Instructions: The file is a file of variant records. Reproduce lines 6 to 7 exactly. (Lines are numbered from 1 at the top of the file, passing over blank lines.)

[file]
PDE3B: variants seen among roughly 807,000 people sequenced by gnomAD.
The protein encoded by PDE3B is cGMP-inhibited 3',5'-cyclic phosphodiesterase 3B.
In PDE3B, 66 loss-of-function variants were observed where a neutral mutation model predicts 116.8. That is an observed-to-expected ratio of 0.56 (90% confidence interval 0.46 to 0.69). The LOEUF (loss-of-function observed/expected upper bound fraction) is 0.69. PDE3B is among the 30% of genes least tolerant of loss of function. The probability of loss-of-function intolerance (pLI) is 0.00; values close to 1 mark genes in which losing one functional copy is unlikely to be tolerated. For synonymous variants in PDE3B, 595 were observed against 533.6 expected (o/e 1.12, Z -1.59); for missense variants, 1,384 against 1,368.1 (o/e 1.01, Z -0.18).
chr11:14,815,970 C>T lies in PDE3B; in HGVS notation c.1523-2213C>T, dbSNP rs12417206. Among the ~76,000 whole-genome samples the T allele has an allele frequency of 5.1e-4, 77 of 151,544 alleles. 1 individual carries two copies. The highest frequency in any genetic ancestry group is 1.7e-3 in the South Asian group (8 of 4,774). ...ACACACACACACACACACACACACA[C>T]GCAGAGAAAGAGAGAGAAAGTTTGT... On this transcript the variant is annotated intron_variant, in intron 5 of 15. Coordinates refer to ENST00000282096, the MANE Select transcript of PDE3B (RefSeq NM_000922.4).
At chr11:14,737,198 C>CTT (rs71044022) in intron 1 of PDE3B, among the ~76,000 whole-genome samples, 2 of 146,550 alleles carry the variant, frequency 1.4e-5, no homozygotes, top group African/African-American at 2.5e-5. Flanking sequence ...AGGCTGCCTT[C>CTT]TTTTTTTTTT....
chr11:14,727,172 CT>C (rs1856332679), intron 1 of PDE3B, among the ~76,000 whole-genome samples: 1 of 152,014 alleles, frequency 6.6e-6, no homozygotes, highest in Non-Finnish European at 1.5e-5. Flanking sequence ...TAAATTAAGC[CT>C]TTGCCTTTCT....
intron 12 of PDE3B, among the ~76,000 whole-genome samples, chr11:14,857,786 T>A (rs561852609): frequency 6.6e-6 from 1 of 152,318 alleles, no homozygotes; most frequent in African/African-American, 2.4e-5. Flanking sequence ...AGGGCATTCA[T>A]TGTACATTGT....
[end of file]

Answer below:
chr11:14,727,172 CT>C (rs1856332679), intron 1 of PDE3B, among the ~76,000 whole-genome samples: 1 of 152,014 alleles, frequency 6.6e-6, no homozygotes, highest in Non-Finnish European at 1.5e-5. Flanking sequence ...TAAATTAAGC[CT>C]TTGCCTTTCT....
intron 12 of PDE3B, among the ~76,000 whole-genome samples, chr11:14,857,786 T>A (rs561852609): frequency 6.6e-6 from 1 of 152,318 alleles, no homozygotes; most frequent in African/African-American, 2.4e-5. Flanking sequence ...AGGGCATTCA[T>A]TGTACATTGT....